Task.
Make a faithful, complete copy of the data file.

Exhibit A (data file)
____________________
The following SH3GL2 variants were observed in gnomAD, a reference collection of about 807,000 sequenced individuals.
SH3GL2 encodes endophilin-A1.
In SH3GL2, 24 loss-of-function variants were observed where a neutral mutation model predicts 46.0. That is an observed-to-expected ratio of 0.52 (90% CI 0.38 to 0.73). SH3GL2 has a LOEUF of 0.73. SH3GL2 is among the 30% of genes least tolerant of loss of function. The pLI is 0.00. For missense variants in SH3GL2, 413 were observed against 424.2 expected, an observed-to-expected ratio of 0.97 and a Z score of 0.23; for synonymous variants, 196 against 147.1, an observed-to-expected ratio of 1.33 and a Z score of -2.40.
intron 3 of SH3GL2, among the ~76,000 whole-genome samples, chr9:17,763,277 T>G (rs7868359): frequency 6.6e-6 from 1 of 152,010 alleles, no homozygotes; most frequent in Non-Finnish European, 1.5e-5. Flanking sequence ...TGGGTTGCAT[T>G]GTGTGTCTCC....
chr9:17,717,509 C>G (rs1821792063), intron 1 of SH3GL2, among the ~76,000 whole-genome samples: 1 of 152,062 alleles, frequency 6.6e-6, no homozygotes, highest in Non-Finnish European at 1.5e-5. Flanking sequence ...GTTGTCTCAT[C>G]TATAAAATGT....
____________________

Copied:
The following SH3GL2 variants were observed in gnomAD, a reference collection of about 807,000 sequenced individuals.
SH3GL2 encodes endophilin-A1.
In SH3GL2, 24 loss-of-function variants were observed where a neutral mutation model predicts 46.0. That is an observed-to-expected ratio of 0.52 (90% CI 0.38 to 0.73). SH3GL2 has a LOEUF of 0.73. SH3GL2 is among the 30% of genes least tolerant of loss of function. The pLI is 0.00. For missense variants in SH3GL2, 413 were observed against 424.2 expected, an observed-to-expected ratio of 0.97 and a Z score of 0.23; for synonymous variants, 196 against 147.1, an observed-to-expected ratio of 1.33 and a Z score of -2.40.
intron 3 of SH3GL2, among the ~76,000 whole-genome samples, chr9:17,763,277 T>G (rs7868359): frequency 6.6e-6 from 1 of 152,010 alleles, no homozygotes; most frequent in Non-Finnish European, 1.5e-5. Flanking sequence ...TGGGTTGCAT[T>G]GTGTGTCTCC....
chr9:17,717,509 C>G (rs1821792063), intron 1 of SH3GL2, among the ~76,000 whole-genome samples: 1 of 152,062 alleles, frequency 6.6e-6, no homozygotes, highest in Non-Finnish European at 1.5e-5. Flanking sequence ...GTTGTCTCAT[C>G]TATAAAATGT....